Seriously. I mock, but I loathe typos. I hate them. Just like I make it a point of pride to turn in my mss as typo/error-free as possible, so I am with the finished product; even more so, for obvious reasons. I seriously live in fear of getting one of those “There’s a mistake in your book” emails a certain type of person apparently likes to send out. I get annoyed when I see them in other books, and would have a fit to find one in mine.

Because the book is it, you know? It’s all people have to judge me by. And I hate the idea that it’s going out into the world as one of those “But I see typos in books from the Big 5 all the time” type of novels that some people seem to think justifies their own lack of care and attention to spelling/grammar etc.

A typo in my finished book is a big piece of literary spinach between my front teeth. It’s embarrassing.

So I really go over those proofs; I mean, I read them slowly and focus hard on every word to make sure it really is spelled right and punctuated correctly and reads correctly and all of that. This is the last chance I’ll have to correct any errors, at least unless and until the book goes into a second printing. Errors can be fixed for the new print run, but generally only if they’re deemed important enough (which a single typo is not) or, I guess, if the error was with an editor or data person or whatever who made changes after I signed off on the book. And the books with the mistake are still out there, of course; they can’t be recalled or something. (Books do get pulled and pulped, but generally only if a significant error was made, it’s plagiarized, or somebody sues/someone important threatens to sue.) So my typo is obviously not cause to do such a thing.

So I find proofs tedious, and unnerving, because I’m always worried that I might have missed something, I probably did miss something, damn it what if I miss something? It’s just me, some paper, and a pencil; I could very well miss something. And then the typos or other errors would be my fault.

It’s possible not everyone gets this many proofs, and a lot of people get digital proofs, which I hate. My PERSONAL DEMONS proofs were digital. PDFs, actually, which meant I had to make a separate list of errors (I did that for DEMON INSIDE, too, but that’s because the paper proofs came during RT and I didn’t have time to get them back, so just emailed the document).

So. Those are page proofs, and they’re the last I see of my book until I get ARCs in the mail–if I get them–and my author copies, which come around release time.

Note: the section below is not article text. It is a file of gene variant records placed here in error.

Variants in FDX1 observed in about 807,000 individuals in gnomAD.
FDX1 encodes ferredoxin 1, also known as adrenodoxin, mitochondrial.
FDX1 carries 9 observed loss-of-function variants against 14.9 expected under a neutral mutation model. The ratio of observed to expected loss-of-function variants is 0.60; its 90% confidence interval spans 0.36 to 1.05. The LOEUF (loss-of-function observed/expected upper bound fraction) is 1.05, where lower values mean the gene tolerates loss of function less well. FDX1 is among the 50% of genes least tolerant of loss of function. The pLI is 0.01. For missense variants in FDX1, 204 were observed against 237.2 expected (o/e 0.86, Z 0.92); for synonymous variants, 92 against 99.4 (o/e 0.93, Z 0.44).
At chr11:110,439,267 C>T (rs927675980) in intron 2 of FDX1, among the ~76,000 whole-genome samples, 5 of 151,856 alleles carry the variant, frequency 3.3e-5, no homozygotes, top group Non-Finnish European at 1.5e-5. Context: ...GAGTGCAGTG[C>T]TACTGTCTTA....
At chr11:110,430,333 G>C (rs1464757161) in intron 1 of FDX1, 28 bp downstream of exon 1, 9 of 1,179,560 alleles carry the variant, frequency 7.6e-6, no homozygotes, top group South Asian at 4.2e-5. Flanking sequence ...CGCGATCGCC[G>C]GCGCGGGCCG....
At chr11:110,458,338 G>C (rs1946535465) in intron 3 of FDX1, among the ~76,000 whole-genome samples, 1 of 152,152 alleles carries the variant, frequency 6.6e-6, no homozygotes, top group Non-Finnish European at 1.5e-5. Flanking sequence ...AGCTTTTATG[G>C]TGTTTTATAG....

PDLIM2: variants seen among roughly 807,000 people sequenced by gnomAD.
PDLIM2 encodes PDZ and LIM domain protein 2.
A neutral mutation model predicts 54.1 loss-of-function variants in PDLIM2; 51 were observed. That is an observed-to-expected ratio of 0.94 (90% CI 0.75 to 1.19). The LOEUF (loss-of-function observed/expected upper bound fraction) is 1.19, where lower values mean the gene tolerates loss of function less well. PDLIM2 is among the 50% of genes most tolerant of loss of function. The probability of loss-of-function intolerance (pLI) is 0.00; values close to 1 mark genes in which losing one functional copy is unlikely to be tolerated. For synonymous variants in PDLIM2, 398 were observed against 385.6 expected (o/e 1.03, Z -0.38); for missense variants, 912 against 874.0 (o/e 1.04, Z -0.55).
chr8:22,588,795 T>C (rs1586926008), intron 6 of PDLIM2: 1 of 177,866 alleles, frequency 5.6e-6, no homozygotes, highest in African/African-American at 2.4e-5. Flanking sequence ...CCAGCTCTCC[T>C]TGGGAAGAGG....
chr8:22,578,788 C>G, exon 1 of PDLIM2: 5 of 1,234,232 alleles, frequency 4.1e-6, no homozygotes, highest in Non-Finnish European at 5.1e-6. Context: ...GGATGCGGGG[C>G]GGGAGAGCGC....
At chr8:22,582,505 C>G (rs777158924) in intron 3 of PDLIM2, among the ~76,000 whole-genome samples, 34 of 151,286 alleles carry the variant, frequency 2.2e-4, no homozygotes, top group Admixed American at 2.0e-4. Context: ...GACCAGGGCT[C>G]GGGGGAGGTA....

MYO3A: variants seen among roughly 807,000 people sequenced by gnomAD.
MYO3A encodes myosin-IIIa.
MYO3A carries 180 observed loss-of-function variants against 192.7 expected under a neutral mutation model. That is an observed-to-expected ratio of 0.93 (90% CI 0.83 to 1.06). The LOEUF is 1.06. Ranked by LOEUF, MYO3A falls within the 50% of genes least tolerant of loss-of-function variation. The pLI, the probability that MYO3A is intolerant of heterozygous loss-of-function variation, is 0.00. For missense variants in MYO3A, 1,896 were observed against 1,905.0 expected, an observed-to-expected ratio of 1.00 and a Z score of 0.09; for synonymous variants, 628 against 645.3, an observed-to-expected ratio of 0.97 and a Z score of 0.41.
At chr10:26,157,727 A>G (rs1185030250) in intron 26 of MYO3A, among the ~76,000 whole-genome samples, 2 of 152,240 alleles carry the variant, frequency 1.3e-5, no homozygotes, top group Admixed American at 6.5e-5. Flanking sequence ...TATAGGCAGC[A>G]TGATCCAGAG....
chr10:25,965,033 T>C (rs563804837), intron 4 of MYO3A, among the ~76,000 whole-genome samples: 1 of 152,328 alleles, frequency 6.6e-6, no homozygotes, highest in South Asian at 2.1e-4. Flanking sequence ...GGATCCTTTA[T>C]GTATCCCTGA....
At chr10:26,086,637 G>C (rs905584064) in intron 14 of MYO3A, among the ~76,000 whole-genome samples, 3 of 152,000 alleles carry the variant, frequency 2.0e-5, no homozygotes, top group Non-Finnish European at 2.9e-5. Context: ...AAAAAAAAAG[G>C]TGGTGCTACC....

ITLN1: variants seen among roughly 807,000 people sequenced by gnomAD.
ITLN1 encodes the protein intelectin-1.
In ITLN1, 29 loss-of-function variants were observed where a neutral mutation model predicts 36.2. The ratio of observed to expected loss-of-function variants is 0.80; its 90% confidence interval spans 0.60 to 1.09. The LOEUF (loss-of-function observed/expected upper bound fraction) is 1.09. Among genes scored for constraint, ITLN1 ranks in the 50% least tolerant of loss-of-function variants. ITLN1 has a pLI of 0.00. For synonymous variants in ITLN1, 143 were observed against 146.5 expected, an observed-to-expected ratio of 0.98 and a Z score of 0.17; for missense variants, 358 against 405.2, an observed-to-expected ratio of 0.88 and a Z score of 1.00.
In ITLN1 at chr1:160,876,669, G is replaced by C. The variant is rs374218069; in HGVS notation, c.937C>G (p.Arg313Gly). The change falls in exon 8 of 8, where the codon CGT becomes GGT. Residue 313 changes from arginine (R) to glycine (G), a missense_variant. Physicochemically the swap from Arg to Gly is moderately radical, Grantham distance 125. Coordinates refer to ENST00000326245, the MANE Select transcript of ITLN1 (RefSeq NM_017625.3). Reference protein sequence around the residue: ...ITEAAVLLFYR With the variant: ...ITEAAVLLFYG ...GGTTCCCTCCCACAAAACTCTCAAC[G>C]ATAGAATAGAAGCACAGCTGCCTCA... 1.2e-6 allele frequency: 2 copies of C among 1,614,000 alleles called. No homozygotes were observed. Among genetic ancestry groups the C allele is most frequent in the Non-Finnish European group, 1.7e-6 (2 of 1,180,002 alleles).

Once again, any questions? And does anyone have something else about the editing process they’d like to know?

5 comments to “Edits 2: Proofs Suck”

  1. Rachel
    Comment
    1
    · February 9th, 2011 at 5:30 pm · Link

    I’m still in the “struggling to get my book published” phase – and I can’t decide if your post has made me feel better (knowing that even after I GET published, I’ll still be struggling with self-doubt and the “wait did I word that right?” is something everyone deals with) or worse. Because, apparently I’ve been laboring under the delusion that it gets easier.

    So um thanks for the information and the perspective…I think 😛

    And on another note, No matter how many typos you could have, your characters, world, and plot are so great I’d never notice <3



  2. Katie
    Comment
    2
    · February 10th, 2011 at 9:09 pm · Link

    Stacia, thank you so much for opening all this up to those of us who haven’t made it down the road this far yet. It felt like a cloud of uncertainty and caused a lot of fear when I tried to learn more about words like copyedits and the over-all process. Seeing it in real life and hearing someone explain their own experience has been so great!
    Katie



  3. BernardL
    Comment
    3
    · February 11th, 2011 at 8:29 am · Link

    “It’s harder than you think to catch every single mistake, because you tend to see what it’s supposed to say rather than what it does”. Amen to that.

    Very entertaining look (especially the Keebler Elves) at the publishing process… and a scary one. It takes a lot of perseverance to go through all that after you’ve finally sold it. I bet the ‘Downside’ series because of your special dialogue was a nightmare for everyone along the way and it had to be done just right. Great series, Stace.



  4. Betsy Dornbusch
    Comment
    4
    · February 11th, 2011 at 9:01 am · Link

    I’m relieved to know I’m not the only one less than thrilled with proofs. (or galleys, as my pub calls them). We do copyedits on galleys as well, which actually helps me find mistakes and edits, seeing it in a different format. But then when they send it back to me again, I’m over it.



  5. Savannah J. Foley
    Comment
    5
    · February 11th, 2011 at 10:07 am · Link

    I understand why you hate them; it sounds nervewracking! Even more inspiration to absolutely make sure everything is the way you want it before you turn something in before getting to this point. I can’t imagine the agony of realizing last minute that something does not work, and then you can’t change it.